Steelmaker Arrium has rejected a $1.19 billion takeover offer from a consortium of Asian steel companies.
Arrium, formerly named OneSteel, had already rejected a $1 billion offer from the consortium, headed by Hong Kong commodities trader Noble Group and South Korean steel giant POSCO.
The Asian companies lodged an increased bid late on Tuesday, which retained similar conditions to its original bid, such as its need to carry out due diligence and to arrange debt financing.
Arrium’s board has rejected the offer after a careful review.‘‘We believe that the revised proposal significantly undervalues Arrium and is not in the best interests of Arrium shareholders,’’ chairman Peter Smedley said in a statement.
‘‘We also believe that the highly conditional nature of the proposal carries significant risk.’’
The company's shares initially jumped more than 6 per cent after coming out of a trading halt at 1pm, but the enthusiasm waned rapidly and shares were flat at 80 cents in early afternoon trade.
In statements to the ASX this morning, Arrium – which was until recently known as OneSteel – said the bid was a “revised acquisition proposal”, suggesting a new bid had come from the same foreign consortium that bid for the company in early October.
An initial offer price of 75 cents per share was rejected earlier this month, and a second attempt at the same price was rebuffed last week.
Arrium has consistently said it will not consider improvements to peripheral conditions of the offer unless there is an improvement to the 75 cent offer price.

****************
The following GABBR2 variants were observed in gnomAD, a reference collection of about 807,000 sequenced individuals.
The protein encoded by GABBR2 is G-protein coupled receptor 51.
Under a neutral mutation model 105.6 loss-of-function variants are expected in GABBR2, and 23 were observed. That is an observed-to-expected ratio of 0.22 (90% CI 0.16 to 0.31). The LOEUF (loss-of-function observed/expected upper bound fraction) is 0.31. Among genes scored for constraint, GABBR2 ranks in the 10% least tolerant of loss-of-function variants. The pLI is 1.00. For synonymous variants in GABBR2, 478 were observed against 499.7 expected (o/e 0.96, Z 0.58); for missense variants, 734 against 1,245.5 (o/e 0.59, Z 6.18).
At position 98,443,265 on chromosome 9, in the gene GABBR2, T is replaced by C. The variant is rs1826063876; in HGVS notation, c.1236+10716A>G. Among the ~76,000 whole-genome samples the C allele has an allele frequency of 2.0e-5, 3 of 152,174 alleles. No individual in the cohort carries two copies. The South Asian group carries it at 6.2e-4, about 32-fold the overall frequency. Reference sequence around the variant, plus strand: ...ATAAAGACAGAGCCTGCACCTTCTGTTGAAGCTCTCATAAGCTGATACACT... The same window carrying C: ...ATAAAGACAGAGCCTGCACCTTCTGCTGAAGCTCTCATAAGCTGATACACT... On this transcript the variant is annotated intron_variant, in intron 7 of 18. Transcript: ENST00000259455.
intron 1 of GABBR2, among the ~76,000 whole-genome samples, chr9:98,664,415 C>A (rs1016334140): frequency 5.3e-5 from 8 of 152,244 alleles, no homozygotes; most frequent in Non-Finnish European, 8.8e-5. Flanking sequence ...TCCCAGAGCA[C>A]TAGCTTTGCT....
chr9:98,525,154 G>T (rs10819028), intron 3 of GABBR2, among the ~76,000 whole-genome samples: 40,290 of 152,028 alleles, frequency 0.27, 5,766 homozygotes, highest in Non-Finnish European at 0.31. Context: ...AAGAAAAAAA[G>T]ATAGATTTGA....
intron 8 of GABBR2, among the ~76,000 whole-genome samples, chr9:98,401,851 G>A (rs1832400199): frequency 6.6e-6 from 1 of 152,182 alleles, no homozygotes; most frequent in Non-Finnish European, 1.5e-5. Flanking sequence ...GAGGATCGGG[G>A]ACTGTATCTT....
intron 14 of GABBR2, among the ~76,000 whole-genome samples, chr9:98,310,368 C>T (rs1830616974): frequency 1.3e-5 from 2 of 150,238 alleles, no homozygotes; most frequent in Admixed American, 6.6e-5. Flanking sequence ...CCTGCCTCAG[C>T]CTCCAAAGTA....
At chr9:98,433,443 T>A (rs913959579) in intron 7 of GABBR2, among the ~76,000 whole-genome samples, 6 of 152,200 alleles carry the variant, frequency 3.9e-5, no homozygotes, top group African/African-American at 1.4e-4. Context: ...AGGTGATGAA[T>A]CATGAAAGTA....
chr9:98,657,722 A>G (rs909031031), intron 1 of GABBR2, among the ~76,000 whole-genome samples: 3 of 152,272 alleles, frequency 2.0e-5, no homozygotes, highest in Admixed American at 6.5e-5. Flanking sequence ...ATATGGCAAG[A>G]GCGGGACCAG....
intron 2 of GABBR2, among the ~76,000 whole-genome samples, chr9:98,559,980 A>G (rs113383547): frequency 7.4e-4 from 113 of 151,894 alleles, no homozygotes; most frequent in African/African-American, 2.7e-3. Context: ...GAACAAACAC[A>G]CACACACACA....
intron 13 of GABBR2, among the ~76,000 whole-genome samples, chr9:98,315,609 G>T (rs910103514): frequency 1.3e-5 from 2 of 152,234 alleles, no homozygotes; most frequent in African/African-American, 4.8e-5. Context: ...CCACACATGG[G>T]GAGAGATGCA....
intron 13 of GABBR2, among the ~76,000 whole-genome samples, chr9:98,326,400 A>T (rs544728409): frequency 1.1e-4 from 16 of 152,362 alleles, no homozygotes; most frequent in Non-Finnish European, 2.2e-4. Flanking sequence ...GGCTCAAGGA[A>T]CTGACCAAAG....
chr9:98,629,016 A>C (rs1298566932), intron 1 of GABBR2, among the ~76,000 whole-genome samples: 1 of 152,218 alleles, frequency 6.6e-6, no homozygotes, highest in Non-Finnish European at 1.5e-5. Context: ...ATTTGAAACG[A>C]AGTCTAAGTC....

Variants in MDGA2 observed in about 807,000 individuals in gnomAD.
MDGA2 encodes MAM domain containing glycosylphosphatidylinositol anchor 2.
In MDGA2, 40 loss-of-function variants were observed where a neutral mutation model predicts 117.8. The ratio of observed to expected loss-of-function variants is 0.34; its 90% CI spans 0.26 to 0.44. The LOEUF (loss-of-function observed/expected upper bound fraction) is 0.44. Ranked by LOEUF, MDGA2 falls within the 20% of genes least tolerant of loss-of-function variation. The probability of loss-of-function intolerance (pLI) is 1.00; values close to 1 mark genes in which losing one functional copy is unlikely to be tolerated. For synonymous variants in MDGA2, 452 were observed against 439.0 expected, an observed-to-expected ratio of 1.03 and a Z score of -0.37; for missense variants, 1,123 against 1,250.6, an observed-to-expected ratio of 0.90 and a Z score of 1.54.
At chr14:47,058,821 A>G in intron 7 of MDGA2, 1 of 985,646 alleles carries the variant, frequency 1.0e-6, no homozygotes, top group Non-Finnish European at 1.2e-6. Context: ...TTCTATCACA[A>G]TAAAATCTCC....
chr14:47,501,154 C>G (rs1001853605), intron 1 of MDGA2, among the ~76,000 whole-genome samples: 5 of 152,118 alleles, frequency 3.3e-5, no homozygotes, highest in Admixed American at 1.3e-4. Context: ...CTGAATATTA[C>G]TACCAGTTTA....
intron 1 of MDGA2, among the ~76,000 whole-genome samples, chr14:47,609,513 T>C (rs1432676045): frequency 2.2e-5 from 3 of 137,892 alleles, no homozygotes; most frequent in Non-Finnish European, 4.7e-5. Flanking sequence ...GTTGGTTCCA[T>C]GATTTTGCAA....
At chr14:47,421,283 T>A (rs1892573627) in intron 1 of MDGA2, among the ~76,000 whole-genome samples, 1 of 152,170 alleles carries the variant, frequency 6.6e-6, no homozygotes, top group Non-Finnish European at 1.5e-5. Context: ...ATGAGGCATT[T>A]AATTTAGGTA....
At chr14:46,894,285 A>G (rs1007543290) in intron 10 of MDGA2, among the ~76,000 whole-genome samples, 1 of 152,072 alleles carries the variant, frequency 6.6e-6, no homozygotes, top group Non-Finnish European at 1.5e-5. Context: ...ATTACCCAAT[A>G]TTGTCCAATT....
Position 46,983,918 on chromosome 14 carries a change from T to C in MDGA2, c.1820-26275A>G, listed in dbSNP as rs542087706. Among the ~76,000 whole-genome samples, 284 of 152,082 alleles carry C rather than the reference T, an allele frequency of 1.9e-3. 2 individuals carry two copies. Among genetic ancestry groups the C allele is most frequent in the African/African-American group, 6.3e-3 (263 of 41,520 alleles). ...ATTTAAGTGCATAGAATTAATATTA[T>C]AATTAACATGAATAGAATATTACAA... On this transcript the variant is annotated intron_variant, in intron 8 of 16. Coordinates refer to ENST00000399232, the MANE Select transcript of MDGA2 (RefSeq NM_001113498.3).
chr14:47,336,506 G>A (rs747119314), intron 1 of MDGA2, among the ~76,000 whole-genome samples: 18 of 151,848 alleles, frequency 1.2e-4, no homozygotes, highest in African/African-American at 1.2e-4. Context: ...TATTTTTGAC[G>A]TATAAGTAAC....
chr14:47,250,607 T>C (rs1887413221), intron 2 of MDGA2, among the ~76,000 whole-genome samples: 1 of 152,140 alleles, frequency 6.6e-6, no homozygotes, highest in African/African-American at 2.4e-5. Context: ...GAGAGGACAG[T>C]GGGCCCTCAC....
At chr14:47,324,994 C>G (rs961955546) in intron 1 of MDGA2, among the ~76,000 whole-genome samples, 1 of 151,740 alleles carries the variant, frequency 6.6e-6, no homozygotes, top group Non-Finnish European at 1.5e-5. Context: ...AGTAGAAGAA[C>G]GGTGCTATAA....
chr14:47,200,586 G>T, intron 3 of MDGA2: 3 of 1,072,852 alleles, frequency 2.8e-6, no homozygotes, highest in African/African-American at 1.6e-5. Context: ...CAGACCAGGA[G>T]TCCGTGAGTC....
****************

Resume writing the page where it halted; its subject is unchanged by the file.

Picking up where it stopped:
Investors seem to believe an improved offer will be forthcoming, having pushed the Arrium share price above 75 cents for most of October. The stock closed at 80 cents last night.
Speaking before the rejection of the bid was announced, Credit Suisse analyst Michael Slifirski said the consortium would need to offer closer to $1.10 per share to be taken seriously.
But he cautioned that the takeover could struggle to win approval from the Foreign Investment Review Board (FIRB) given that some of Arrium’s iron ore assets are located within Defence Force land in outback South Australia.
“We still cannot see how the FIRB could approve the acquisition given the very strong precedents already established in rejecting foreign acquisitions in the green and amber zones of the Woomera military zone,” he wrote, in a research note this morning.
Arrium will virtually double its iron ore production over the next year, and also has a growing international business in making grinding balls that are sold to mining companies to help crush ore.
Those growth assets accompany the traditional steelmaking assets at Whyalla in South Australia.